Reckless driver caught doing 150mph with four kids in the car - NONE wearing seatbelts [mirror.co.uk via dt racing correspondent dt]
June 30, 2014
So we took the kids to the movies the other night, a non-trivial event for them, because srsly, what would they ever go see: 1) some too-loud, dumb, animated fart-fest full of Gen Y culture references they know nothing about or 2) Frozen?
Anyway, this commercial came on, and by about 20 seconds in, I was getting really pissed about having my emotions manipulated so baldly and relentlessly for--for what, who knows? Cell phones? Lunchables? Life insurance? There really is no way of knowing, and it was only becoming more and more obvious that it didn't matter: cue the swelling violins, this was pure, uncut propaganda, and we were its captive targets.
At 0:54 the text came up, "Isn't it time we celebrate Dads?" and someone in the theater actually called out, "Yes!" Meanwhile, I'm fuming behind my tears, going, "It's like you don't even read my blog!"
And then it turns out I'm wrong, because it's an ad for Dove Mens Care.
Now anyone who's been around the dadblog world at all the last couple of years knows Dove Mens Care has been a prominent and consistent sponsor of many blogs, including many dads I have long admired and respected. Dove has also sponsored the Dad 2.0 Summit, which is a totally legit example of a genre that I otherwise wish did not exist: the blogger-brandmarketer convention. Dove's people have been repeatedly generous in their offers and respectful in their interactions with me, even though I have consistently declined to include Daddy Types in their marketing campaigns. So much love Dove.
But that's not the point. The point is, I don't like having my emotions played for obviously corporate purposes that I know nothing about--especially because they are withheld from me until literally the last second because, I assume, SOFTEN THEM UP FOR BIG REVEAL.
THIS IS NOT WORKING FOR ME, DOVE MEN+CARE. IT MAKES ME SUSPICIOUS OF YOUR PRODUCT, WHICH TURNS OUT TO BE SOAP AND STUFF. MY FREE ADVICE TO YOU IS COME CLEAN OR DIAL IT BACK.
Philippe Starck's The Face haunts Daddy Types like a kids' design version of recovered memory trauma.
The Face was introduced in 1997, and was briefly sold in FAO Schwarz, not, as the current seller on eBay UK claims, as part of Starck's 1999-2000 kids' capsule collection for Target.
If you must have one in your collection, reading this post or clicking through to the auction page constitutes your agreement to hold me, Daddy Types, and all its contributors, commenters, and readers not liable for any longterm psychological, developmental, or college admissions-related damages your kid may, uh, face.
Philippe Starck. Democratic Design. Mustache ride-on toy. Designed for Target [sic], auction ends July 9, opening bid
GBP 75+30 shipping [ebay]
Previously, 2011: Philippe Starck's The Face Mustache Ride-on Toy
June 28, 2014
The Daddy Types Friday Freakout is apparently on summer hours:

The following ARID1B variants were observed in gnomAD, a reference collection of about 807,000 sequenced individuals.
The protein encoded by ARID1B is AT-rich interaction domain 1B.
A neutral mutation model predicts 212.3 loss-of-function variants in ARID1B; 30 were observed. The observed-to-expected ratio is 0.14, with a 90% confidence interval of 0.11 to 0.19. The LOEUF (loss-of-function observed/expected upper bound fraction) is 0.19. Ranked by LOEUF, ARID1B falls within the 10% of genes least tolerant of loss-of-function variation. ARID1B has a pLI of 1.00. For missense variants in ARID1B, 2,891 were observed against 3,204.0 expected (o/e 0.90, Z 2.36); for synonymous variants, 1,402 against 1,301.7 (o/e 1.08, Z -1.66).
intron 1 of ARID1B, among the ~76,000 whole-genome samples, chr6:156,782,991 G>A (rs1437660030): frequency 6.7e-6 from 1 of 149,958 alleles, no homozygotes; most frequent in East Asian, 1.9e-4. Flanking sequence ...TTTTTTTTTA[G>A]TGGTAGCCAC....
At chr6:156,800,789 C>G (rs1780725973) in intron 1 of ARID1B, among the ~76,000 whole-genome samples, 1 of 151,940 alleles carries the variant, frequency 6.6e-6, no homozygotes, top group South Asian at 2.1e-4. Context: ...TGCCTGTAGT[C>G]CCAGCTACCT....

- With nutritional standards based on adults from 1968, fortified cereals are not part of kids' balanced breakfast, says a study. [usatoday]
- The Amish were refusing vaccines before refusing vaccines was cool, and now they've got a raging measles outbreak. And are rushing to get vaccinated. [npr]
- The US is basically the Mississippi of paid parental leave policy, at the bottom of the world list, announced the White House at a Working Families Summit this week, which sounds like a great policy agenda for the next few weeks. [whitehouse.gov]
- Also President Obama broke out of the Summit for a burrito bowl, and totally reached over the sneezeguard at one of our four neighborhood Chipotles, which is just weird, stay on the other side of the sneezeguard.
- Which, if you wait until Friday to do freakout roundups, you see that every two-bit TV talking head freaks out over the exact same thing, and really, how much of the news is just corporations trying to manipulate our emotional reactions to keep us outraged and glued to the screen, watching disability scooter ads? [eater]
- Facebook secretly manipulated the feeds of 600,000 users in an attempt to induce and study "emotional contagion." [avclub; methodological takedown by psychcentral]
- Sarah Boxer has a good, long read about why are all the mothers in all the animated films dead, and is this some kind of good-father-as-savior nipple envy fantasy? But she doesn't really find the solution, and so we're left with Elastigirl to save us all. [theatlantic]
June 25, 2014
Esta muñeca de limpieza de Playmobil viene con todo lo que necesita para limpiar las habitaciones de hotel en todo el día, salvo un salario digno, la reforma migratoria, y la representación sindical!
Y gracias al descuento de Amazon, esta muñeca ahora cuesta menos que el salario medio por hora para el personal de limpieza del hotel.
You may remember Henry Glass's Swingline children's furniture collection from such posts as holy smokes, 2006, has it been that long? This stuff just does not turn up much, does it?
In the early 1950s, industrial designer Glass created a series of kids furniture around the themes: bright colors, Masonite, and stuck-on-poles. And this table and four stools fits the bill perfectly.